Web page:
March 2015 Column - County addresses potholes, discusses proposed laws

While the end of winter brings much relief to the drivers of Western New York, it also brings a whole new set of issues – damaged roads. At the beginning of March, a new county email was launched allowing residents to report potholes on county roads. Please email to make a report. You can also call (716) 858-7966 to make a complaint.

To check if a pothole is on a county road, please visit and find the link “Erie County Road List.” The information is also available on my website at  If you do notice a pothole, don’t assume it was reported by another driver. Please, take a few moments to email or call, especially if the pothole is in a rural section of the county to ensure it is brought to the attention of the Department of Public Works crews and repaired.

Another topic that has been discussed in the media recently is the Legislature’s vote to ban the use of e-cigarettes and vaping devices indoors. I cast the only “no” vote because I believe the law is flawed in its final form, and in its procedural execution.

One section that I believe is lacking from the current law is a provision for businesses to  “opt in” or “opt out.” In Baltimore, a similar law was approved,  but it allowed business owners to decide if they wanted to permit vaping in their establishments. For businesses that do not want vaping indoors, the law provides them the backing they need to ask patrons to refrain from using e-cigarettes indoors. With the option to opt out, business owners can regulate their establishment and make the decision they think is in their best interest.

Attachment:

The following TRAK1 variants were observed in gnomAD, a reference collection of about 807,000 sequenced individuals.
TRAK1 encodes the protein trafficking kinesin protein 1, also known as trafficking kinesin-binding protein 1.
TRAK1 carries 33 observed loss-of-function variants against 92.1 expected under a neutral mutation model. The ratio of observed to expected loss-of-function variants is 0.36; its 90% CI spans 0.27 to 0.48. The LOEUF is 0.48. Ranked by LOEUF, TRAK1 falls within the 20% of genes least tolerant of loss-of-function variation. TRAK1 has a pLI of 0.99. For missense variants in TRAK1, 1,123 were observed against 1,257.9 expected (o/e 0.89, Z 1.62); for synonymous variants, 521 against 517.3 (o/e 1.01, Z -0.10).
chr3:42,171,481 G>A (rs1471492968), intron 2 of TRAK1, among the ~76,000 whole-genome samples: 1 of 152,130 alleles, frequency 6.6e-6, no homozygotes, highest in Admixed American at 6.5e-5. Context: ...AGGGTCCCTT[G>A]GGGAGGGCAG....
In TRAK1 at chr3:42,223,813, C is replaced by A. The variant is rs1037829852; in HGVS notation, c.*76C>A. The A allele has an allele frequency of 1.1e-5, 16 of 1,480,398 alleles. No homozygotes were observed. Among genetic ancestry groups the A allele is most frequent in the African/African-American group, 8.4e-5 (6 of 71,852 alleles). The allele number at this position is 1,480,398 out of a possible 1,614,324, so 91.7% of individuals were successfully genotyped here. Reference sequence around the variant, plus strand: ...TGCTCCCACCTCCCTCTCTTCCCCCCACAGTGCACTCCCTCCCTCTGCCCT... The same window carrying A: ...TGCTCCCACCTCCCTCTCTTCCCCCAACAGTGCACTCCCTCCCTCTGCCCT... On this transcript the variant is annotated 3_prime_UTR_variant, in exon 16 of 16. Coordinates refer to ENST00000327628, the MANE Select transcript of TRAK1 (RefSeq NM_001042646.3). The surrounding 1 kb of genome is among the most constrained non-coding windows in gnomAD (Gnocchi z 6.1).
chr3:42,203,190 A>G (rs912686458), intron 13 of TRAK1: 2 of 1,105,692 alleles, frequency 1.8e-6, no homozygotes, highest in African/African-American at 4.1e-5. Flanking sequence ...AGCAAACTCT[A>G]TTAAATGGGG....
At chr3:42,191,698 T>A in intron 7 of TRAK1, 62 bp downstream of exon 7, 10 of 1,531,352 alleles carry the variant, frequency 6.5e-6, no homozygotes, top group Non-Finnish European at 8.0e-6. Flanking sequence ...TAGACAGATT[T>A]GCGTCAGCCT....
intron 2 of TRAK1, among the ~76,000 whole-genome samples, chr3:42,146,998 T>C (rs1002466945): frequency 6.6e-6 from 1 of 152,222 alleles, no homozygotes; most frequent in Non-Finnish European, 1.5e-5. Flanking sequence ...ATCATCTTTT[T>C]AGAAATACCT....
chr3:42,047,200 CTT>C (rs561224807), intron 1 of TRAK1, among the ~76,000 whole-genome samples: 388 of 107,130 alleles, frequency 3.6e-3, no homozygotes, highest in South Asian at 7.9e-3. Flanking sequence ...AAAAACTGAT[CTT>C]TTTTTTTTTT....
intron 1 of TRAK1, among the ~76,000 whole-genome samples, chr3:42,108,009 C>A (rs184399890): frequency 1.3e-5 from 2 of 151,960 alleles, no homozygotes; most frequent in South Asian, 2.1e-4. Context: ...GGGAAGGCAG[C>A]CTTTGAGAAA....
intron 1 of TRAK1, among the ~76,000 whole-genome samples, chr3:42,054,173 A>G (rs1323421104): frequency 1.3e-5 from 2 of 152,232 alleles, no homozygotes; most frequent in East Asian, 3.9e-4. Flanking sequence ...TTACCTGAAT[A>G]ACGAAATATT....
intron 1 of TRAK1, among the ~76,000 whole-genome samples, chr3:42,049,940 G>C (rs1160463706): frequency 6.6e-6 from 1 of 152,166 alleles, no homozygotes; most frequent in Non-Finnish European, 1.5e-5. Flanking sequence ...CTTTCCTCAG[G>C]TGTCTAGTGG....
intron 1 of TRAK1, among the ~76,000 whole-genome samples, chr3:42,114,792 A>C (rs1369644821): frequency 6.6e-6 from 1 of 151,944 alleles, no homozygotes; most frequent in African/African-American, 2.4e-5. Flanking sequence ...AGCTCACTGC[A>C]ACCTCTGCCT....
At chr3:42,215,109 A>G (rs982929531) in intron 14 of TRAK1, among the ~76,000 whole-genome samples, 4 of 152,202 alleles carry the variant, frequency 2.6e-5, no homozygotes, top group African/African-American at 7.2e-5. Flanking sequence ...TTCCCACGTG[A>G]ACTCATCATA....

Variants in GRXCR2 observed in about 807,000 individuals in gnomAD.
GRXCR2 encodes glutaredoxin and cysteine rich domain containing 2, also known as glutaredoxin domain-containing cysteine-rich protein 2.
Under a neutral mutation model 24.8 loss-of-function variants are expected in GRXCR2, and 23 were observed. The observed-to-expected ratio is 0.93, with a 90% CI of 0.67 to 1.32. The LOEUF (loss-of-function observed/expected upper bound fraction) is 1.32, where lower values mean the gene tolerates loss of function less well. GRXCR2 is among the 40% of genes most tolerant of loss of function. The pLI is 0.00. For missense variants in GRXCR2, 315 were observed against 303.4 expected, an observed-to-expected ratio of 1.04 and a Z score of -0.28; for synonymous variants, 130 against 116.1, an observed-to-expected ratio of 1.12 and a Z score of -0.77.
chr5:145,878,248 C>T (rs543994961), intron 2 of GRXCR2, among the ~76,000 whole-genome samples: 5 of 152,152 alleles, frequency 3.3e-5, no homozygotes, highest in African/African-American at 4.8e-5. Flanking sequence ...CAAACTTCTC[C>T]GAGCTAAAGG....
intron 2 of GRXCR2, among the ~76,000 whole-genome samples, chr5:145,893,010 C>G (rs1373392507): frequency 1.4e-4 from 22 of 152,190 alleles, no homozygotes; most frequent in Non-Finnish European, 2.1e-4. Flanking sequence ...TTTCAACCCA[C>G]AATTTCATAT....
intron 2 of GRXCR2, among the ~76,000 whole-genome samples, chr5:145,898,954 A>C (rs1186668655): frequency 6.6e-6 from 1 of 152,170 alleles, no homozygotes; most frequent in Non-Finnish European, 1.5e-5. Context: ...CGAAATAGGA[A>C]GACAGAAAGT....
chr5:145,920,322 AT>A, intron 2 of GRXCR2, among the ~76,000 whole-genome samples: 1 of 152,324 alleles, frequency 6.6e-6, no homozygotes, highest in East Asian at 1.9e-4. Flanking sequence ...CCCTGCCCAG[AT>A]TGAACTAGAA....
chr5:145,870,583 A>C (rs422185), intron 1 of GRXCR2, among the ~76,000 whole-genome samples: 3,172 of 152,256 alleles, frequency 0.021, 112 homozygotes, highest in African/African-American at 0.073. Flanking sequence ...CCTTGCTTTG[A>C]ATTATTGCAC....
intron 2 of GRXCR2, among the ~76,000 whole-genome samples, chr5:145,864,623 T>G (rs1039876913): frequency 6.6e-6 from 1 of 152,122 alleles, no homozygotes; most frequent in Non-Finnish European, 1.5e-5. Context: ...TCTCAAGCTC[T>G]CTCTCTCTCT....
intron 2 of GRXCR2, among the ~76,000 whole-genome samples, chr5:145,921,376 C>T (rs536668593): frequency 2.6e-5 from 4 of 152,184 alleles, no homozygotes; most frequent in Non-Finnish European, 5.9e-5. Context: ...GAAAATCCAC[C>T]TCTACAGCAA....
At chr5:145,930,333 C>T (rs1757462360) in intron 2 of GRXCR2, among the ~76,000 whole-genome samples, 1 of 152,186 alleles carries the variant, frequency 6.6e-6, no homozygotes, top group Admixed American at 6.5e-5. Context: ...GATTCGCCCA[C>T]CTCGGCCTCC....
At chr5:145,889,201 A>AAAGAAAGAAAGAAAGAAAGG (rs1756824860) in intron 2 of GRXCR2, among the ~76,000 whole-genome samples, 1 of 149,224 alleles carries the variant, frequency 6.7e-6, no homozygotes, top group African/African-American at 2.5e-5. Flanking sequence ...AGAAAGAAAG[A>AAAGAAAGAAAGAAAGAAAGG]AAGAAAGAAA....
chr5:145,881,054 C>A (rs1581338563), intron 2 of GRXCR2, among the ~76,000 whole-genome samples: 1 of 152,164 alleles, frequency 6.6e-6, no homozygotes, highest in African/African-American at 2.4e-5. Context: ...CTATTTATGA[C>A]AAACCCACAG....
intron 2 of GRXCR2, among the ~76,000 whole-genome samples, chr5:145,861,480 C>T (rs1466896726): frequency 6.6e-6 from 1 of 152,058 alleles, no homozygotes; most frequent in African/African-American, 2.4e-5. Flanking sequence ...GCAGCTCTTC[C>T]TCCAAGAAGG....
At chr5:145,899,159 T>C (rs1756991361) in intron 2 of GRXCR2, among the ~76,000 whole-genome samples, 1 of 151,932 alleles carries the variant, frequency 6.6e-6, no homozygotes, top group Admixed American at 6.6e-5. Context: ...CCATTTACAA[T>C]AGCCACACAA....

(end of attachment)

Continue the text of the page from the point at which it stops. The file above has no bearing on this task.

The law is subject to approval by the County Executive, who held his public hearing on the topic on March 18. His decision is expected to be announced soon.

In another local law issue, I have submitted a revised version of a term limit law that would not exempt current elected officials. My local law is similar to that of my colleagues in allowing the County Executive and Comptroller to serve three consecutive terms (12 years), while Legislators would be allowed six consecutive terms (12 years). However, unlike my colleague’s law, my law would take into account years served at the time the law is passed. For example, at the end of 2015 I will have served four years in the Legislature. If the voters give me the opportunity to return to office, I would be allowed to serve an additional four terms or eight years. My colleagues’  law would take all current elected officials to zero.

I am interested in hearing your comments on any of the above mentioned topics or other county issues. Please contact me at 858-8922 or email 

Legislator Lorigo

Phone: (716) 858-8922
Fax: (716) 858-8818

Legislator Joseph C. Lorigo - District 10
Old Erie County Hall
92 Franklin Street, 4th Floor
Buffalo, NY 14202